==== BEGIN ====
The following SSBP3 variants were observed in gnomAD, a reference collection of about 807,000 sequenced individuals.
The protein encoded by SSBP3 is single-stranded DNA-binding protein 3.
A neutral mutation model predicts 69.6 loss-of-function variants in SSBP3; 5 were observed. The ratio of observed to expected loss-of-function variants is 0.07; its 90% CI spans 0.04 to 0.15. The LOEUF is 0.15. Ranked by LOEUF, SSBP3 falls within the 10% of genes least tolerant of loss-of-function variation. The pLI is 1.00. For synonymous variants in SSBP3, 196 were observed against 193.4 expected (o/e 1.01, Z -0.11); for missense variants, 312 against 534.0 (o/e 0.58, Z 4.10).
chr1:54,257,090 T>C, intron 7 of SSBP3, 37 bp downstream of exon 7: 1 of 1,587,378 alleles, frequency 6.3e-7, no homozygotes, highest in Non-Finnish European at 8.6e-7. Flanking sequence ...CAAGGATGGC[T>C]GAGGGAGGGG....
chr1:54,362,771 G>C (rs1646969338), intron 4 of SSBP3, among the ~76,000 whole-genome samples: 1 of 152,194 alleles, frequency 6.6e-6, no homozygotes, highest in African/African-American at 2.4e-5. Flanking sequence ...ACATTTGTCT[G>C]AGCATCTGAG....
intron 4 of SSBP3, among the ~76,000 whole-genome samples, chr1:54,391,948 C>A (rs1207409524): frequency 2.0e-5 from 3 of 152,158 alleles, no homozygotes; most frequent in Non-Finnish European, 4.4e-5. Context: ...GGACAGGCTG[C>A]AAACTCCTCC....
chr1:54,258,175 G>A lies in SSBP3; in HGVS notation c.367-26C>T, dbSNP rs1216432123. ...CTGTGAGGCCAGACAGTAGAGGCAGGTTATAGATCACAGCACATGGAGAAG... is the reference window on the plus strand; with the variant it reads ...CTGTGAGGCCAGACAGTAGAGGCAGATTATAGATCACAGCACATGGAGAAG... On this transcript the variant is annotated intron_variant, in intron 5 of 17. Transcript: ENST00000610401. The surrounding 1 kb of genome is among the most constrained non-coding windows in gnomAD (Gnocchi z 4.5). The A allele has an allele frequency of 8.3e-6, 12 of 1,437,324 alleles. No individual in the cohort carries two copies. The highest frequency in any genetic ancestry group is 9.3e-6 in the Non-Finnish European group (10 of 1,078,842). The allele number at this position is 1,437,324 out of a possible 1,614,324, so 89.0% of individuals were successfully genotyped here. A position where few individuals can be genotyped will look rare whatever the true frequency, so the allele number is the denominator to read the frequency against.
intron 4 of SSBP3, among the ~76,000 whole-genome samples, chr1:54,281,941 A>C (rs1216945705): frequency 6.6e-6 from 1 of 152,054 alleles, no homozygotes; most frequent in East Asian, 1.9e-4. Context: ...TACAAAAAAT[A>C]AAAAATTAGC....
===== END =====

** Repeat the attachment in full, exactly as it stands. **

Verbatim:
The following SSBP3 variants were observed in gnomAD, a reference collection of about 807,000 sequenced individuals.
The protein encoded by SSBP3 is single-stranded DNA-binding protein 3.
A neutral mutation model predicts 69.6 loss-of-function variants in SSBP3; 5 were observed. The ratio of observed to expected loss-of-function variants is 0.07; its 90% CI spans 0.04 to 0.15. The LOEUF is 0.15. Ranked by LOEUF, SSBP3 falls within the 10% of genes least tolerant of loss-of-function variation. The pLI is 1.00. For synonymous variants in SSBP3, 196 were observed against 193.4 expected (o/e 1.01, Z -0.11); for missense variants, 312 against 534.0 (o/e 0.58, Z 4.10).
chr1:54,257,090 T>C, intron 7 of SSBP3, 37 bp downstream of exon 7: 1 of 1,587,378 alleles, frequency 6.3e-7, no homozygotes, highest in Non-Finnish European at 8.6e-7. Flanking sequence ...CAAGGATGGC[T>C]GAGGGAGGGG....
chr1:54,362,771 G>C (rs1646969338), intron 4 of SSBP3, among the ~76,000 whole-genome samples: 1 of 152,194 alleles, frequency 6.6e-6, no homozygotes, highest in African/African-American at 2.4e-5. Flanking sequence ...ACATTTGTCT[G>C]AGCATCTGAG....
intron 4 of SSBP3, among the ~76,000 whole-genome samples, chr1:54,391,948 C>A (rs1207409524): frequency 2.0e-5 from 3 of 152,158 alleles, no homozygotes; most frequent in Non-Finnish European, 4.4e-5. Context: ...GGACAGGCTG[C>A]AAACTCCTCC....
chr1:54,258,175 G>A lies in SSBP3; in HGVS notation c.367-26C>T, dbSNP rs1216432123. ...CTGTGAGGCCAGACAGTAGAGGCAGGTTATAGATCACAGCACATGGAGAAG... is the reference window on the plus strand; with the variant it reads ...CTGTGAGGCCAGACAGTAGAGGCAGATTATAGATCACAGCACATGGAGAAG... On this transcript the variant is annotated intron_variant, in intron 5 of 17. Transcript: ENST00000610401. The surrounding 1 kb of genome is among the most constrained non-coding windows in gnomAD (Gnocchi z 4.5). The A allele has an allele frequency of 8.3e-6, 12 of 1,437,324 alleles. No individual in the cohort carries two copies. The highest frequency in any genetic ancestry group is 9.3e-6 in the Non-Finnish European group (10 of 1,078,842). The allele number at this position is 1,437,324 out of a possible 1,614,324, so 89.0% of individuals were successfully genotyped here. A position where few individuals can be genotyped will look rare whatever the true frequency, so the allele number is the denominator to read the frequency against.
intron 4 of SSBP3, among the ~76,000 whole-genome samples, chr1:54,281,941 A>C (rs1216945705): frequency 6.6e-6 from 1 of 152,054 alleles, no homozygotes; most frequent in East Asian, 1.9e-4. Context: ...TACAAAAAAT[A>C]AAAAATTAGC....